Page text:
Legislation to Stop Abortionists from Using Drugs Off-Label
COLUMBUS, Ohio--Today, Representatives Tom Brinkman (R-Cincinnati) and Christina Hagan (R-Alliance) introduced the Abortion-Inducing Drug Safety Act (H.B. 255) in the Ohio House of Representatives.
The legislation would limit use of abortion-inducing drugs to those labeled expressly for such purpose by the FDA. Currently, Mifeprex (mifepristone) is the only such drug labeled for the purpose of inducing abortion in the United States. Although the combination of mifepristone and misoprostol is still the most common drug regimen used in chemical abortions, Ohio has seen a significant increase in the number of chemical abortions using other drugs like methotrexate, a drug labeled for use as a chemotherapy agent.
"We know that abortion is never a 'safe' procedure because its goal is the death of an innocent baby," said Stephanie Ranade Krider, executive director of Ohio Right to Life. "Ohio Right to Life is proposing this legislation in order to protect unborn babies from being subjected to any number of toxic combinations, the effects of which are not always certain death, but almost always guarantee severe damage in utero in the case of a failed abortion, and to protect mothers from untested methods which may carry serious complications to their own health."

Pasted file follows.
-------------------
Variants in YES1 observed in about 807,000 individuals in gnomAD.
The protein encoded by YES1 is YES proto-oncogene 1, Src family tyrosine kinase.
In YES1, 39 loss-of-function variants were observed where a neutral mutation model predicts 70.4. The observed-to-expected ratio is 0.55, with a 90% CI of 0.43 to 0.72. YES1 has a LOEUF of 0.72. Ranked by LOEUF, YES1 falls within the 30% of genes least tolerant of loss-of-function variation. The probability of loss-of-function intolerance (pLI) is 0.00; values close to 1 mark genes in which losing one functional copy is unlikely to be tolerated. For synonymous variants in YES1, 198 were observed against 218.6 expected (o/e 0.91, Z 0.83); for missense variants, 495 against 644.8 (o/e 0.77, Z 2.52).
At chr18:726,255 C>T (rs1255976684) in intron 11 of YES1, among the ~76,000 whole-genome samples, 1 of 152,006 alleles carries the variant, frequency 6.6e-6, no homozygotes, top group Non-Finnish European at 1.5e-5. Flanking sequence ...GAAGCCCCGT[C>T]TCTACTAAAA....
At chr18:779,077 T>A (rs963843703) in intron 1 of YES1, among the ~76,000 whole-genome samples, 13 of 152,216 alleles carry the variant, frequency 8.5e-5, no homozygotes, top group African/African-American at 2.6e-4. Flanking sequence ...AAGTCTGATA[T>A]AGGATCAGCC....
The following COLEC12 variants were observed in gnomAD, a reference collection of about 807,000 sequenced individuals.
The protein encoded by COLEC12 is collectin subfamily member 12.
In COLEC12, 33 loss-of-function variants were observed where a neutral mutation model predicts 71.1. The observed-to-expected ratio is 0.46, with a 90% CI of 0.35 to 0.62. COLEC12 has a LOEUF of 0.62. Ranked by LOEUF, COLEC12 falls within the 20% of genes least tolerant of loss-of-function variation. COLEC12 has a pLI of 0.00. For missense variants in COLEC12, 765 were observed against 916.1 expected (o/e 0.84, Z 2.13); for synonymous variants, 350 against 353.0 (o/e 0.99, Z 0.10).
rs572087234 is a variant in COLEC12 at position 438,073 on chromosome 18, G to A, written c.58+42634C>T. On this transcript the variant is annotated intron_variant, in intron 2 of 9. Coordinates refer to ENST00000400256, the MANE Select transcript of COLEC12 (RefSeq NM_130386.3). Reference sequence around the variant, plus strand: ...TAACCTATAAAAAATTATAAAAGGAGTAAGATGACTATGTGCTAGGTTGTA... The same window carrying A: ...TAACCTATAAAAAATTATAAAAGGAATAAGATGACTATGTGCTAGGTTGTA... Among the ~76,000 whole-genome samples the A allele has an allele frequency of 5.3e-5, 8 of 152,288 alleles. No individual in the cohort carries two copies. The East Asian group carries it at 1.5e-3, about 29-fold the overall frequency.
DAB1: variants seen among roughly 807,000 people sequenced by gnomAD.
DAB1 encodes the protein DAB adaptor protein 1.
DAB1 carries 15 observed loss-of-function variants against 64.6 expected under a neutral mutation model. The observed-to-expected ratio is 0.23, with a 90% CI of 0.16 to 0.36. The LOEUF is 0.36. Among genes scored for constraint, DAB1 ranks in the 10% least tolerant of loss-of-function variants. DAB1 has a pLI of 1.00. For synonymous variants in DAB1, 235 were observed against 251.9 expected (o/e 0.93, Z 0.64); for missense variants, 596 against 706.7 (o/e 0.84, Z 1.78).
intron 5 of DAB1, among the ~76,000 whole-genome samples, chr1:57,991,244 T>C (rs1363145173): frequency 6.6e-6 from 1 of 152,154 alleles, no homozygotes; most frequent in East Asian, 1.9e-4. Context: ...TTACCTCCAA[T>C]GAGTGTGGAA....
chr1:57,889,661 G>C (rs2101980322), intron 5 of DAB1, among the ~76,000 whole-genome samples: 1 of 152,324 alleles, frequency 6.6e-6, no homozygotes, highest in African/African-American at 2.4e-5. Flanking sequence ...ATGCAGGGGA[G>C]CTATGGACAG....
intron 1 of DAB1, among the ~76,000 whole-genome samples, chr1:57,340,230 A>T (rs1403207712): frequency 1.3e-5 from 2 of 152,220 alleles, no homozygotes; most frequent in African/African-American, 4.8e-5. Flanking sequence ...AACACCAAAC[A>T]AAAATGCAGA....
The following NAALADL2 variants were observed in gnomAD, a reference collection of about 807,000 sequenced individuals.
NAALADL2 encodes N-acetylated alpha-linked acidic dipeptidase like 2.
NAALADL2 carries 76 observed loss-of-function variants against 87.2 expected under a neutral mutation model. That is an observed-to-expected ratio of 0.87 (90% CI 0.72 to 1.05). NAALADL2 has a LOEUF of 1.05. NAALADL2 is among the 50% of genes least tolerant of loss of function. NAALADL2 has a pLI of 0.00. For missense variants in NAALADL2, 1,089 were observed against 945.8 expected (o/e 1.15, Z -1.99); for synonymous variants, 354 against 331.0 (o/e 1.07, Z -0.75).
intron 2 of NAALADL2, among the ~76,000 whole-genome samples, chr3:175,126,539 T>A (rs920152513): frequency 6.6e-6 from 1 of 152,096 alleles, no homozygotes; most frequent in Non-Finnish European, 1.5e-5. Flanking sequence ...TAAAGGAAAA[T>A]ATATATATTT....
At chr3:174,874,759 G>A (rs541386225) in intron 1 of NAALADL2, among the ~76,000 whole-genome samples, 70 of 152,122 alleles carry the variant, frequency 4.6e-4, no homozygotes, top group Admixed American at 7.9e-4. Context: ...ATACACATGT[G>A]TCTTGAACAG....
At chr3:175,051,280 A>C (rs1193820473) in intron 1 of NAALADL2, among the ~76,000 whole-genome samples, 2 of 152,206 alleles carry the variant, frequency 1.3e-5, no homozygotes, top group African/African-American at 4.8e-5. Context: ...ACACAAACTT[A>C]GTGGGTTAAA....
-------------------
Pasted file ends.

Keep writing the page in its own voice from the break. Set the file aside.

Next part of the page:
"Ensuring women's healthcare is top notch should be a priority of this legislature," said Representative Christina Hagan. "There should be no room for compromise when administering drugs out of context that can be and are harmful to a woman's health."
In 2004, Ohio was the first state to codify into state law a requirement that any prescriber of mifepristone in Ohio must follow the FDA-approved protocol in dispensing the drug. In effect, this limits the use of mifepristone to the first seven weeks of gestation, and requires a total of three visits to the prescribing physician by the patient. Additionally, Ohio law requires the drug to be personally furnished by a physician, and requires that any adverse incidents involving the medication be reported to the State Medical Board. While the law was challenged and is still in litigation, it became enforceable in 2012.< /p>
"This bill is a logical progression from the bill I sponsored in 2004," said Representative Tom Brinkman. "It will help safe guard women and their unborn children from this terrible practice."
Paula Westwood, executive director of Right to Life of Greater Cincinnati in Representative Brinkman's district, supports the legislation as part of the organization's concentrated effort to regulate chemical abortions and their larger effort to end abortion.
Founded in 1967, Ohio Right to Life, with more than 45 chapters and local affiliates, is Ohio's oldest and largest grassroots pro-life organization. Recognized as the flagship of the pro-life movement in Ohio, ORTL works through legislation and education to promote and defend innocent human life from conception to natural death.